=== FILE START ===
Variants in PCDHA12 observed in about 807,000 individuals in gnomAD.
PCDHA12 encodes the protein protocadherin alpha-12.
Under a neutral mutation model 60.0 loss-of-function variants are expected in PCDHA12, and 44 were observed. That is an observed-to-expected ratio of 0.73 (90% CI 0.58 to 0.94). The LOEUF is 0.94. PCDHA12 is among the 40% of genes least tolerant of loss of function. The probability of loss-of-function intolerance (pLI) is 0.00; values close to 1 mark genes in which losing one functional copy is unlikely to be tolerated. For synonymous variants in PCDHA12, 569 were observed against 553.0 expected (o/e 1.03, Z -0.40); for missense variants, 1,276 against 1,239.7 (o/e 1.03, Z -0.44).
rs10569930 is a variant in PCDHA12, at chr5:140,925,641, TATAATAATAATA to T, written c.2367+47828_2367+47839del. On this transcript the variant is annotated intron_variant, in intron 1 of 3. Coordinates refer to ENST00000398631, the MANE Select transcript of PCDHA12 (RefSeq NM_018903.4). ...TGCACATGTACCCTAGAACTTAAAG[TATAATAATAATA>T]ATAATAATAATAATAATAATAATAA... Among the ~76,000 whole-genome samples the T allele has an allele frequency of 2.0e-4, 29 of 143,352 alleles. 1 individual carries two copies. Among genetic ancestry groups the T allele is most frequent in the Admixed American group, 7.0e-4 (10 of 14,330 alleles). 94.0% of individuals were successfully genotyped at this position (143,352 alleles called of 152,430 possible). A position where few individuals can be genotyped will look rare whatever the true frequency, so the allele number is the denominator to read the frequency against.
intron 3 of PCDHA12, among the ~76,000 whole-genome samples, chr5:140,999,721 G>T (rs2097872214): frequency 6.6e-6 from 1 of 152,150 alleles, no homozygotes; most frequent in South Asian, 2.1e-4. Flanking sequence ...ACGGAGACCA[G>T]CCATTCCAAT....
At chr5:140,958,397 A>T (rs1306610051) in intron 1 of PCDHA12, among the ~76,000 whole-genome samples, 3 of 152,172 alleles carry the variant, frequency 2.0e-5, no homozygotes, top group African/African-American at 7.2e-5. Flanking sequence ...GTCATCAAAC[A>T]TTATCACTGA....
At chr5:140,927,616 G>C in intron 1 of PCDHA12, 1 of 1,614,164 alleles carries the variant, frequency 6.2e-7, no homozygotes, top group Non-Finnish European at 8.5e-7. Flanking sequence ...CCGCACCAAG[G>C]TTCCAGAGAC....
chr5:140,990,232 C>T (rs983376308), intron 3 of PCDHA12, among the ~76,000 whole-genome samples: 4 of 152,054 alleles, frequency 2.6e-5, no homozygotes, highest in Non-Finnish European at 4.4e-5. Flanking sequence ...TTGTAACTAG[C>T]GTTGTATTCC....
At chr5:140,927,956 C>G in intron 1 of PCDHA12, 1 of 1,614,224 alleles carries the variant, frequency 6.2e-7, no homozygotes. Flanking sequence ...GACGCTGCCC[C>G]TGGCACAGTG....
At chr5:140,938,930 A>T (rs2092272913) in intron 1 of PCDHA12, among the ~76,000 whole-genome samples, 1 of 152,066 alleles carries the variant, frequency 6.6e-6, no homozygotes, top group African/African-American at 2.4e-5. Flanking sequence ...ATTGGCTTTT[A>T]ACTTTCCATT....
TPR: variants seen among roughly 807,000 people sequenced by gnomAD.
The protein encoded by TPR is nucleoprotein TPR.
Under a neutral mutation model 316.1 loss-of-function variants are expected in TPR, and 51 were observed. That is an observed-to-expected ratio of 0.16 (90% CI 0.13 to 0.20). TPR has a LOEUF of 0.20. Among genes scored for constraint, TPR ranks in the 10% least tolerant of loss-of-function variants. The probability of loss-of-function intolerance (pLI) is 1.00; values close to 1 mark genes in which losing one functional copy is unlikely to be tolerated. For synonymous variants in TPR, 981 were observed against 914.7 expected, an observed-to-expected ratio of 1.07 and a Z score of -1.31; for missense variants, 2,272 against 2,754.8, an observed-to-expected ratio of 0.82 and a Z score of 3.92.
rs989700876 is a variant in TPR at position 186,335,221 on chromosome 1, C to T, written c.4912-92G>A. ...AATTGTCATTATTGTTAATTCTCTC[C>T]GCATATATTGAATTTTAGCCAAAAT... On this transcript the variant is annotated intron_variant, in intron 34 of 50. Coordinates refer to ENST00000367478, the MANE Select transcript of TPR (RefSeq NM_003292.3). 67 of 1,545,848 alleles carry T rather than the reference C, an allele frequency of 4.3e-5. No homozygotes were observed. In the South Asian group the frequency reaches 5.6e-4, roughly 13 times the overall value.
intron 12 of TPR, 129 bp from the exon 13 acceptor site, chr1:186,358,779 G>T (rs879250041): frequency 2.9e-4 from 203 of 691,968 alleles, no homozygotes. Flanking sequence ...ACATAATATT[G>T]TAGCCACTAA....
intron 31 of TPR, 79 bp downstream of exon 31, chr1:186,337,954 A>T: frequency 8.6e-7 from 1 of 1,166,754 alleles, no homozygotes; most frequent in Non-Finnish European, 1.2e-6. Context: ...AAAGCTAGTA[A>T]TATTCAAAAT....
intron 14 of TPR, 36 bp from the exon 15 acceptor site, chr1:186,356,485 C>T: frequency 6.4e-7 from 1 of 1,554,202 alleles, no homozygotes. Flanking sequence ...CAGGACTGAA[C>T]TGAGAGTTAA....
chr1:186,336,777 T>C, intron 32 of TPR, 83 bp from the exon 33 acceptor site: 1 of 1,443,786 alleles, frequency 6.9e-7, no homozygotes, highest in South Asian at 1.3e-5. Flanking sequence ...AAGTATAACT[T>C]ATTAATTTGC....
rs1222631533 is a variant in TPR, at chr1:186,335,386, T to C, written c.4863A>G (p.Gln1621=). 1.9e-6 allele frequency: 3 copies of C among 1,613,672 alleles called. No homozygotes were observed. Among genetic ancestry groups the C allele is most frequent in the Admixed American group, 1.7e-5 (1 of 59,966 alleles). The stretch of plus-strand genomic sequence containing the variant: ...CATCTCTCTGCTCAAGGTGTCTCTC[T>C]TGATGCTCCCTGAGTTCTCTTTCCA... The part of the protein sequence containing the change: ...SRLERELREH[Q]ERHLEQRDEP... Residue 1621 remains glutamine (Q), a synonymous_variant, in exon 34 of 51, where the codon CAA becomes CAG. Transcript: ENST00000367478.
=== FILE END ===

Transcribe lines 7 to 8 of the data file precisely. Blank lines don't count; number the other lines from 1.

At chr5:140,927,616 G>C in intron 1 of PCDHA12, 1 of 1,614,164 alleles carries the variant, frequency 6.2e-7, no homozygotes, top group Non-Finnish European at 8.5e-7. Flanking sequence ...CCGCACCAAG[G>C]TTCCAGAGAC....
chr5:140,990,232 C>T (rs983376308), intron 3 of PCDHA12, among the ~76,000 whole-genome samples: 4 of 152,054 alleles, frequency 2.6e-5, no homozygotes, highest in Non-Finnish European at 4.4e-5. Flanking sequence ...TTGTAACTAG[C>T]GTTGTATTCC....